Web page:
beforehand. At the end of the day, the IETF's job is to document
technologies so vendors can implement for consistent behavior in
independently managed networks. Vendors will build whatever they are paid to
build, but if you want generic COTS, then lots of people need to justify a
specific behavior with some level of consistency to get that documented as
the consensus approach. So far there have not been enough consistent
scenarios to get an RI option passed.

Tony


> -----Original Message-----
> From: Leo Bicknell [mailto:bicknell at ufp.org]
> Sent: Monday, December 30, 2013 3:25 PM
> To: Lee Howard
> Cc: Jamie Bowden; North American Network Operators' Group
> Subject: Re: turning on comcast v6
> 
> 
> On Dec 30, 2013, at 2:49 PM, Lee Howard <Lee at asgard.org> wrote:
> 
> > I'm not really an advocate for or against DHCP or RAs.  I really just
> > want to understand what feature is missing.
> 
> I encourage you to try this simple experiment in your lab, because this
> happens all day long on corporate networks around the world, and
illustrates
> the differences quite nicely.  While not a complete treatment of the
> operational differences, it's an important illustration.
> 
> Configure up a simple network topology of three boxes representing a hub
> and spoke network:
> 
>                DHCP SVR
>                   |
> --lan--r1--wan--hubrtr--wan--r2--lan
> 
> Number it up as expected for both protocols:
> 
> wan links: IPv4 /30, IPv6 /64
> lan links: IPv4 /24, IPv6 /64
> 
> Drop a DHCP server off the hubrtr, set r1 and r2 to forward DHCP requests
to
> it.  Verify a machine plugged into either of the LANs gets a fully
functional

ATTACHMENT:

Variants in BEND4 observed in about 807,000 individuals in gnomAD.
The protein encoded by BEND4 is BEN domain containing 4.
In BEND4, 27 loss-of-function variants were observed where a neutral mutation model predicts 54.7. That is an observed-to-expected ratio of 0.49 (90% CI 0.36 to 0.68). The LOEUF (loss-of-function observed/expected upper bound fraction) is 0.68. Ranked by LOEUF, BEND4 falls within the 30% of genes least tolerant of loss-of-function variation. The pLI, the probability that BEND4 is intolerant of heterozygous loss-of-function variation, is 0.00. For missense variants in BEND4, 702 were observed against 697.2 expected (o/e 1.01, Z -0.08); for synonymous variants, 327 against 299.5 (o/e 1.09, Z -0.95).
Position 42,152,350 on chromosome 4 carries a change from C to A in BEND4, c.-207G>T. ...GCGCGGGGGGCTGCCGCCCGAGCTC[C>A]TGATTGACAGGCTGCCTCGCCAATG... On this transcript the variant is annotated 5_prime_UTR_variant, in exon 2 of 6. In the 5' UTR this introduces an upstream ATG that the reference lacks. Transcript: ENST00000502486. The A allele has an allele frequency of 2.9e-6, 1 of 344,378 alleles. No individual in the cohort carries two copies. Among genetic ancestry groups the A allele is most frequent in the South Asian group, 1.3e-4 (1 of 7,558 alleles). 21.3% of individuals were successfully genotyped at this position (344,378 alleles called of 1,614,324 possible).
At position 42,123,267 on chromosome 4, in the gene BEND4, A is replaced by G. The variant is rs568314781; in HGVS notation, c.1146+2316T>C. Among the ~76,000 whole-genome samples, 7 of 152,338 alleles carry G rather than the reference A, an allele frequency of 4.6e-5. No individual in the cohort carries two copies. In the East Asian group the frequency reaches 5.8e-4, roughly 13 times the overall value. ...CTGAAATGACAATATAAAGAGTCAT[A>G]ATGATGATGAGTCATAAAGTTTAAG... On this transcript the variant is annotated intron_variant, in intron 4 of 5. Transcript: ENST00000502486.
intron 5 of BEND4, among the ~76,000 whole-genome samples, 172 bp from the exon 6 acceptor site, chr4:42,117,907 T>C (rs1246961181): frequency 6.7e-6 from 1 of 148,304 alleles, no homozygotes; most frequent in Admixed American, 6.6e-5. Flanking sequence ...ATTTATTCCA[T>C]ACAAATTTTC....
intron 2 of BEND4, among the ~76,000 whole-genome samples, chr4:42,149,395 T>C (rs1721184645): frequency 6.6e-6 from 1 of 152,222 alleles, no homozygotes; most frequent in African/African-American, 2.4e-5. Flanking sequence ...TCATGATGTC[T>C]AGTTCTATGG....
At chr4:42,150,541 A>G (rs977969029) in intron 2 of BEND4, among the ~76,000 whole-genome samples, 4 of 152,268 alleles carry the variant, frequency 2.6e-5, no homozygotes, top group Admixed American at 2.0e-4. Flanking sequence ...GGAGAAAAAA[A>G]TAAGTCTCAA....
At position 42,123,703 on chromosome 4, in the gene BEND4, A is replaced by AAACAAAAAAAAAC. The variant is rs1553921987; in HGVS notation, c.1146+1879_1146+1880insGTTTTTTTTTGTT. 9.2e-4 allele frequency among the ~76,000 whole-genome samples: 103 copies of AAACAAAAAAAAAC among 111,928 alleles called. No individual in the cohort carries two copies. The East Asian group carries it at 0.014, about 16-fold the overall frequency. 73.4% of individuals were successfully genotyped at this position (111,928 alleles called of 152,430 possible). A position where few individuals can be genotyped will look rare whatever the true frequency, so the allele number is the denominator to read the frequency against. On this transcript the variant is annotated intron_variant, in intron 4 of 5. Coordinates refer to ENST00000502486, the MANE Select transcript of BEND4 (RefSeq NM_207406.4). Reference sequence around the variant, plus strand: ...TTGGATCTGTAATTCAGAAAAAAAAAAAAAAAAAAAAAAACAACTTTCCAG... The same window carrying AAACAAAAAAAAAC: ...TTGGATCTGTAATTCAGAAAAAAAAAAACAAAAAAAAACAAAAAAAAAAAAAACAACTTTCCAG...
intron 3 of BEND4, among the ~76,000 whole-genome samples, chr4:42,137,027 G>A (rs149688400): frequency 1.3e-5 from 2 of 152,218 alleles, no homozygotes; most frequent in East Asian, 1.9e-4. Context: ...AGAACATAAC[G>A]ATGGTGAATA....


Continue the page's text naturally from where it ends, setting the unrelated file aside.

> network for both protocols.
> 
> Now, take r1 turn it off, and stick it in a closet.  You see, that office
closed.
> Normal every day thing.
> 
> Plug up two PC's to the remaining LAN off r2.  This represents your
desktop,
> and your neighbors desktop.  Think Bob from accounting perhaps.  Open two
> windows on each, one with an IPv4 ping, one with an IPv6 ping running.
> 
> Now, boss man comes in and has a new office opening up.  Go grab the r1
> box out of the closet, you need to upgrade the code and reconfigure it.
> Cable it up to your PC with a serial port, open some some sort of terminal
> program so you can catch the boot and password recover it.  Plug it's
> ethernet into your lan, as you're going to need to tftp down new config,
and
> turn it on.
> 
> Here's what you will soon find:
> 
> 1) The IPv6 pings on both machines cease to work.
> 
> 2) The IPv4 network continues to work just fine.
> 
> Now, for even more fun, turn on another PC, say Sally from HR just
rebooted
> her machine.  It will come up in the same state, IPv6 not working, while
> IPv4 works just fine.
> 
> Lastly, for extra credit, explain to Mr MoneyBagsCEO why Bob and Sally are
> now complaining to him that their network is down, again.  Make sure you
> not only understand the technical nuances of why the problem above
> happened, but also how to explain them to a totally non-technical CEO.
> 
> (Oh yeah, go ahead and unplug r1 to "fix" the problem, and observe how
> long until the pings start working again.  I think it's 15 minutes, IIRC.
For
> super-extra credit tell me how to make that time shorter for everyone on
> the LAN with Cisco or Juniper commands on r2.)
> 
> I'll give you a hint on understanding this issue.  The IETF's grand
solution is to
> replace every ethernet switch in your entire network with new hardware
> that supports "RA Guard", and then deploy new configuration on every
> single port of every single device in your network.  Please develop a
capital
> justification plan for Mr MoneyBagsCEO for replacing every switch in your
> network so you can safely deploy IPv6.
> 
> Now do you understand why people just want to put the route in DHCPv6
> and move on?
> 
> It's not a "feature" that's different between the two, it's that
operationally
> they have entirely different attack surfaces and failure modes.  And yes,
it
> involves people doing stupid things.  However if the IETF is going to rely
on
> smart people deploying networking devices we might as well give up and go
> home now.
> 
> --
>        Leo Bicknell - bicknell at ufp.org - CCIE 3440
>         PGP keys at http://www.ufp.org/~bicknell/
> 
> 
> 
>